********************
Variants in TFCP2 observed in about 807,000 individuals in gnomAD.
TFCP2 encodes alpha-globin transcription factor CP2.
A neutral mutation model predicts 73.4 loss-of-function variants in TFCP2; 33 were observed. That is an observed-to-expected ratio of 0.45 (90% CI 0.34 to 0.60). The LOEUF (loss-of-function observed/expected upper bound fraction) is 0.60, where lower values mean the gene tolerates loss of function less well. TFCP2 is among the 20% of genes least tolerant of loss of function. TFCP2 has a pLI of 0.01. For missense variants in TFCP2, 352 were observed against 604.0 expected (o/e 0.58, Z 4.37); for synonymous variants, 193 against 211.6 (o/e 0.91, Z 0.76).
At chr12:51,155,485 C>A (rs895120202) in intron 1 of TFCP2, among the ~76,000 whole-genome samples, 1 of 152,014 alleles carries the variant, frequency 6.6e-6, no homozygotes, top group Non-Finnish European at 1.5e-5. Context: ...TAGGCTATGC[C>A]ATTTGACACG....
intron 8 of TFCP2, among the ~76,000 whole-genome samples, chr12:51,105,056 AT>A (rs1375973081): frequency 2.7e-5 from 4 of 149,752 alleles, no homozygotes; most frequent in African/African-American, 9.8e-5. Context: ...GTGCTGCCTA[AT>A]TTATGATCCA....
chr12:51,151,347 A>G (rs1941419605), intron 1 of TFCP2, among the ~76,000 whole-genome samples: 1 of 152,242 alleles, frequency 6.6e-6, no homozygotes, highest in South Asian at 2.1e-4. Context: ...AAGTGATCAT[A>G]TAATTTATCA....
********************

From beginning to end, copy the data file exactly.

Variants in TFCP2 observed in about 807,000 individuals in gnomAD.
TFCP2 encodes alpha-globin transcription factor CP2.
A neutral mutation model predicts 73.4 loss-of-function variants in TFCP2; 33 were observed. That is an observed-to-expected ratio of 0.45 (90% CI 0.34 to 0.60). The LOEUF (loss-of-function observed/expected upper bound fraction) is 0.60, where lower values mean the gene tolerates loss of function less well. TFCP2 is among the 20% of genes least tolerant of loss of function. TFCP2 has a pLI of 0.01. For missense variants in TFCP2, 352 were observed against 604.0 expected (o/e 0.58, Z 4.37); for synonymous variants, 193 against 211.6 (o/e 0.91, Z 0.76).
At chr12:51,155,485 C>A (rs895120202) in intron 1 of TFCP2, among the ~76,000 whole-genome samples, 1 of 152,014 alleles carries the variant, frequency 6.6e-6, no homozygotes, top group Non-Finnish European at 1.5e-5. Context: ...TAGGCTATGC[C>A]ATTTGACACG....
intron 8 of TFCP2, among the ~76,000 whole-genome samples, chr12:51,105,056 AT>A (rs1375973081): frequency 2.7e-5 from 4 of 149,752 alleles, no homozygotes; most frequent in African/African-American, 9.8e-5. Context: ...GTGCTGCCTA[AT>A]TTATGATCCA....
chr12:51,151,347 A>G (rs1941419605), intron 1 of TFCP2, among the ~76,000 whole-genome samples: 1 of 152,242 alleles, frequency 6.6e-6, no homozygotes, highest in South Asian at 2.1e-4. Context: ...AAGTGATCAT[A>G]TAATTTATCA....